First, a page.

More important, most faculty publish little because most American colleges are focused on teaching and have high teaching loads. Vedder uses the low teaching loads at a handful of American research institutions like UT-Austin to account for the low scholarly productivity of faculty at teaching institutions. He is simply stereotyping and mixing categories.
One must wonder, then, what motivates Vedder. Perhaps he simply dislikes faculty because they have the ability to exercise control over their working conditions. Perhaps he supports the trend reallocating authority in American work life from workers—whether faculty or unionized employees—to managers.
But I think that there is a deeper issue. Vedder cannot fathom the fact that faculty teach and write because they want to share knowledge with the world. If they wanted to make money, they would have gone to business school, law school, or architectural school and then worked in the kinds of offices Vedder admires. But what makes faculty so productive is that they are motivated by other ends, that they are mission oriented. Most corporations struggle to develop this sense of mission in their employees in order to increase productivity; colleges have it handed to them. Their faculty are willing to work harder for less money than other professionals because they are committed to a calling.
Vedder’s perspective is not that of someone seeking to improve teaching and scholarship. Rather it is of someone who thinks that faculty must be controlled and put in their place. It seems that Vedder cannot imagine a world in which people believe in their work, and thus he seeks to impose incentives and rules that would fundamentally alter the source of faculty creativity and hard work.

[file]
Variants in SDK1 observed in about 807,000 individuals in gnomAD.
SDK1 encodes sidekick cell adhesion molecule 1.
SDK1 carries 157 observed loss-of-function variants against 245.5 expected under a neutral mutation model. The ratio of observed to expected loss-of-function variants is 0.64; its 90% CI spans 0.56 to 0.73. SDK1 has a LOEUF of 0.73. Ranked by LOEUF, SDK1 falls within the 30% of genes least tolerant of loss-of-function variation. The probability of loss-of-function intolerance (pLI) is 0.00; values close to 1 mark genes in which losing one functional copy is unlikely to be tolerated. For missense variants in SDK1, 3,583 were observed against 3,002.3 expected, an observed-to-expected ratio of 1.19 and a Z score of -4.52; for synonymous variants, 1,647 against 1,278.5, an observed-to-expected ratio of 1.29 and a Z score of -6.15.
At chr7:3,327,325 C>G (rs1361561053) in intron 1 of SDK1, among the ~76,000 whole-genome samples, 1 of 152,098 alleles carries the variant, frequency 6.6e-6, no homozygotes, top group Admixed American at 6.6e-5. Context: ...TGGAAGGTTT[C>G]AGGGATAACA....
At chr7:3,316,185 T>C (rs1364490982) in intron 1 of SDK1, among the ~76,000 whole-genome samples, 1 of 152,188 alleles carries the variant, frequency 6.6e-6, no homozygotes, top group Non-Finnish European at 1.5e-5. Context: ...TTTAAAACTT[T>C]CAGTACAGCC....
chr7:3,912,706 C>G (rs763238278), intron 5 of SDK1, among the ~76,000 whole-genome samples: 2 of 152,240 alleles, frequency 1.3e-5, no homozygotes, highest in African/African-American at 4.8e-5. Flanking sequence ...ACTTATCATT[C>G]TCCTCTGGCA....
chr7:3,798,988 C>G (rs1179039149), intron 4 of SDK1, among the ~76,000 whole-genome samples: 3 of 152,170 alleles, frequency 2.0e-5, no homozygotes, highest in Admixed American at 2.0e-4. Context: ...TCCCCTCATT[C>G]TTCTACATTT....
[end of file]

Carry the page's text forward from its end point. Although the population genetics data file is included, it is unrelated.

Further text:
(1) Ironically, you can get to Vedder’s article by TYPING the address in the URL: http://chronicle.com/blogs/innovations/campus-cfos-are-right/29787
Victor Borden has a very interesting and informative article “The Accountability/Improvement Paradox” in Inside Higher Ed (April 30, 2010) http://www.insidehighered.com/views/2010/04/30/borden
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The comments below were delivered on April 22 at the conference “CSU: The Next Fifty Years” for the panel “Instruction, Technology, and the CSU.” These comments are in response to the tendency to believe that online learning will solve all our problems (budget and student access) in the California State University system.
First let me thank the California State University, Northridge organizers of this event for their gracious invitation. I would like to frame my comments on the future of technology in education within the CSU in terms of a real kiss versus a virtual reality kiss, perhaps between two avatars in Second Life.
The experience of a real kiss involves the proximity of two people. What may be transmitted through this encounter is a sense of deep intimacy, connectedness and love or passion, depending on the two parties involved. What happens with the virtual reality kiss? I’m distanced… I watch my avatar’s kiss as a vicarious voyeur. I imagine the experience indirectly. In the same way, I must question the quality of relationships established through the cyberspace interconnectedness of Facebook. Is the relationship of Facebook friends the same quality experience as a gathering of compatriots over a fine dinner with stimulating conversation? Why would we not want to preserve, value, and enjoy both options?